Dealing with Test Anxiety

Do you panic before a test? Does your mind go blank during the test?

You may have test anxiety, which can cause you to lose concentration and interfere with your ability to remember information.

If you are adequately prepared for an exam, mild test anxiety will be reduced. Even if you are prepared, it is quite common to get nervous before a test; the key to success is learning how to control your fear, which can be done through relaxation.

Try these exercises before your tests to help calm down (Kanar, 2001):

Muscle Relaxation:
Close your eyes, search for tension in your body. Focus on tense areas and release the tension (e.g., hunched shoulders,clenched teeth).
Deep Breathing:
Sit or lie down, close your eyes and breathe deeply for a few moments. Focus on relaxing your muscles starting with your toes and working up to your neck.
Meditation:
Focus on nothing. It's harder than it sounds, but try to think of nothing. Remember to breathe and just empty your mind of all thoughts. Before you know it you'll be relaxed.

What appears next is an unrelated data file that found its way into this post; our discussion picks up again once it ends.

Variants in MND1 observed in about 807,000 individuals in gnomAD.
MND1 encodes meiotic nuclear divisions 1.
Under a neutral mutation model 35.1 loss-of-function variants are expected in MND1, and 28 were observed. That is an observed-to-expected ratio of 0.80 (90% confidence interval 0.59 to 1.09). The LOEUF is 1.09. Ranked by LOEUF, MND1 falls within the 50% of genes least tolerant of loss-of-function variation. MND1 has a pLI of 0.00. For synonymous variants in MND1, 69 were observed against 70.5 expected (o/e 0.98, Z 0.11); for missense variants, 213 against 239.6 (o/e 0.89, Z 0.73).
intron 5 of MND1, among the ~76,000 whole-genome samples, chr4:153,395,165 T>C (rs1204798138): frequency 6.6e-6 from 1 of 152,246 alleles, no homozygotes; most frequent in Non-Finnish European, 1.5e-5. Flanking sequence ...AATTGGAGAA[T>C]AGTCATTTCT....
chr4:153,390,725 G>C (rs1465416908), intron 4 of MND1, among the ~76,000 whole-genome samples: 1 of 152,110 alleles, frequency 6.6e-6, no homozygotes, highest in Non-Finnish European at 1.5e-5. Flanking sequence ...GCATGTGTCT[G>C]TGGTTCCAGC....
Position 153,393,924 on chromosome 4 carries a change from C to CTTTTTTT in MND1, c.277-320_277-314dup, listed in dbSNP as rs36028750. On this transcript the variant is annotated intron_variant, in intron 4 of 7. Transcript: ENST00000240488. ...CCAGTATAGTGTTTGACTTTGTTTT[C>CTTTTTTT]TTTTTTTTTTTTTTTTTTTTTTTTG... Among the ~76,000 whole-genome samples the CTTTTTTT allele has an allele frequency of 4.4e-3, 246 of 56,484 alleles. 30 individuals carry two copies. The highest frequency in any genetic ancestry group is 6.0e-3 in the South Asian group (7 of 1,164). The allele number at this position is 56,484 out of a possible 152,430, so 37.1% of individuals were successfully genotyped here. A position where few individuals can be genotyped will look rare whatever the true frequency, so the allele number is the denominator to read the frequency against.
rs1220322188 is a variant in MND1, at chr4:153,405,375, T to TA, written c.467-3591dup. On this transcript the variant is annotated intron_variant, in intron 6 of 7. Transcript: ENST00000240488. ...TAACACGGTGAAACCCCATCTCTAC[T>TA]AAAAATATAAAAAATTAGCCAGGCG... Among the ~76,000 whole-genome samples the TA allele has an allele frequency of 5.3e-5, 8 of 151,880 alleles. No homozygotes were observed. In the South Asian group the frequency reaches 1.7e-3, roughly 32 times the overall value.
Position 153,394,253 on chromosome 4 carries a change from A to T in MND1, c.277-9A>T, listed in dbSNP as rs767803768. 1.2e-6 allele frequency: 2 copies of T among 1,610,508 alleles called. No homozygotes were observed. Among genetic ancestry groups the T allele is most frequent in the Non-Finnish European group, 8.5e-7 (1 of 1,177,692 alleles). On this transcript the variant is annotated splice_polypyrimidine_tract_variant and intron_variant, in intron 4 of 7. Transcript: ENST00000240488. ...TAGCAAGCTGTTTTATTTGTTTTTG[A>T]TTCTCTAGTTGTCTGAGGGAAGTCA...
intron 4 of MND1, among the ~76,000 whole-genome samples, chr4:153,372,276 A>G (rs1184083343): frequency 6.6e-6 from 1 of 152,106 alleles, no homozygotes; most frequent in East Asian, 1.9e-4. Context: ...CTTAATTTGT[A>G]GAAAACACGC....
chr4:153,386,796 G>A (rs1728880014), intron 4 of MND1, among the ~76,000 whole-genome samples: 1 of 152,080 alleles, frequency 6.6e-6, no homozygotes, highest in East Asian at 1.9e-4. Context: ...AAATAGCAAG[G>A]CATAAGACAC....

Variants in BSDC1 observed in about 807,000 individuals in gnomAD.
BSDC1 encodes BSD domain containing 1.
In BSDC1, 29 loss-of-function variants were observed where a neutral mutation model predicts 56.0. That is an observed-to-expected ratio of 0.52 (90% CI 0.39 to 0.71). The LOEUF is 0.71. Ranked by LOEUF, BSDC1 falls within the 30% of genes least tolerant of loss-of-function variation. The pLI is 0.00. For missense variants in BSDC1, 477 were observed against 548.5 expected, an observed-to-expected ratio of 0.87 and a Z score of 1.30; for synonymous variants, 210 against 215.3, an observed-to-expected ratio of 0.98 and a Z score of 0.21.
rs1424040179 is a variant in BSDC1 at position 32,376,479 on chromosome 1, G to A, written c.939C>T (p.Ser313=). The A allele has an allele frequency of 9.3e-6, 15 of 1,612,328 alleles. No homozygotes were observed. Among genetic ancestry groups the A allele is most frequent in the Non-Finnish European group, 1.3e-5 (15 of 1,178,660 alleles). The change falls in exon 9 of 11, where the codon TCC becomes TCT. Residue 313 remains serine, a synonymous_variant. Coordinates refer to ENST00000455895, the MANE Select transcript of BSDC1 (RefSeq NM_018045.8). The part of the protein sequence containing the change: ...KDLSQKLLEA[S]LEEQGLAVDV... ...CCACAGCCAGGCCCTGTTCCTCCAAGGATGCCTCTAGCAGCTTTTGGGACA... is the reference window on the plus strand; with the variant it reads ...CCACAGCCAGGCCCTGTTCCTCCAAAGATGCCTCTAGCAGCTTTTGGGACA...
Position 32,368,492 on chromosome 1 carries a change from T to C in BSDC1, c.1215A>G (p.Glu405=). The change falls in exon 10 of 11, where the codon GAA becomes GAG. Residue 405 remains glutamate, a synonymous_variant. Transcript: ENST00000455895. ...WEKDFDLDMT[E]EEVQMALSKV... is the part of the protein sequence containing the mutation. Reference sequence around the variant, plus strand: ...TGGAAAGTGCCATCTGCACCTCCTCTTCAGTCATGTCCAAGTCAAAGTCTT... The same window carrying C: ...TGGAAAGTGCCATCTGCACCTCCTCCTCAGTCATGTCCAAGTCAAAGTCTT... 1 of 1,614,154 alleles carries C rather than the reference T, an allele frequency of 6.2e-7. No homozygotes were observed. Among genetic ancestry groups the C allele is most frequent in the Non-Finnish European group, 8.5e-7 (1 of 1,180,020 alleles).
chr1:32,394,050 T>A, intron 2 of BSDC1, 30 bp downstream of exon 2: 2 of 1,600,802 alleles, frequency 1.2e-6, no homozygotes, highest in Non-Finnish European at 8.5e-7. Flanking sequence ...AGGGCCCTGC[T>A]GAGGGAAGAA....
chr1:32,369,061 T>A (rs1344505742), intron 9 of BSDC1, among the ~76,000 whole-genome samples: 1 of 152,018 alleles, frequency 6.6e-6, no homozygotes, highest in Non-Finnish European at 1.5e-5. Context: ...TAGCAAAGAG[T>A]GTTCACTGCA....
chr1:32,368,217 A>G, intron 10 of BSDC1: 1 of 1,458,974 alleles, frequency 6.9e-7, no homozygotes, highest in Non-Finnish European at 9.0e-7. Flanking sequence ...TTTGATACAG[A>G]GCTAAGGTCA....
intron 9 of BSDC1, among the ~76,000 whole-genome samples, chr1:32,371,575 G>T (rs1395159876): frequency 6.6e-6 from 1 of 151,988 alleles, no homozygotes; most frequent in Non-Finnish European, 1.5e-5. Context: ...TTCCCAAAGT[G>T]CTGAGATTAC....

In some cases, students are not able to get beyond the anxiety, no matter the amount of preparation. Symptoms of severe test anxiety include panic, sweating, fainting and nausea. If you are experiencing these things, you should contact the Counseling and Career Assessment Center immediately. They will be able to help determine the cause of your anxiety and ways to eliminate it. Another valuable resource could be the Disability Resources, Education & Access Management office. Often it helps to know what's causing your anxiety, and then eliminating it.

Do any of these causes sound familiar? If so, try the corresponding eliminator (Kanar, 2001):

Causes
Eliminators
Trying to meet others' expectations Decide whether living up to these expectations is something you want to do for YOURSELF. Set your OWN goals and live up to your OWN expectations.
Letting grades determine your self-worth Emphasize performance over grades. Take control by tracking performance to overcome weaknesses.
Inadequate preparation & guilt So you weren't prepared this time. Keep your goal in sight and resolve to do better.
Feeling helpless, with no control over what happens The way to take control is to develop an internal locus of control. Improve your study habits. Prepare for your next test and observe the connection between the amount and quality of your studying and the grade you receive.


For specific reference information, see Study Strategies page.
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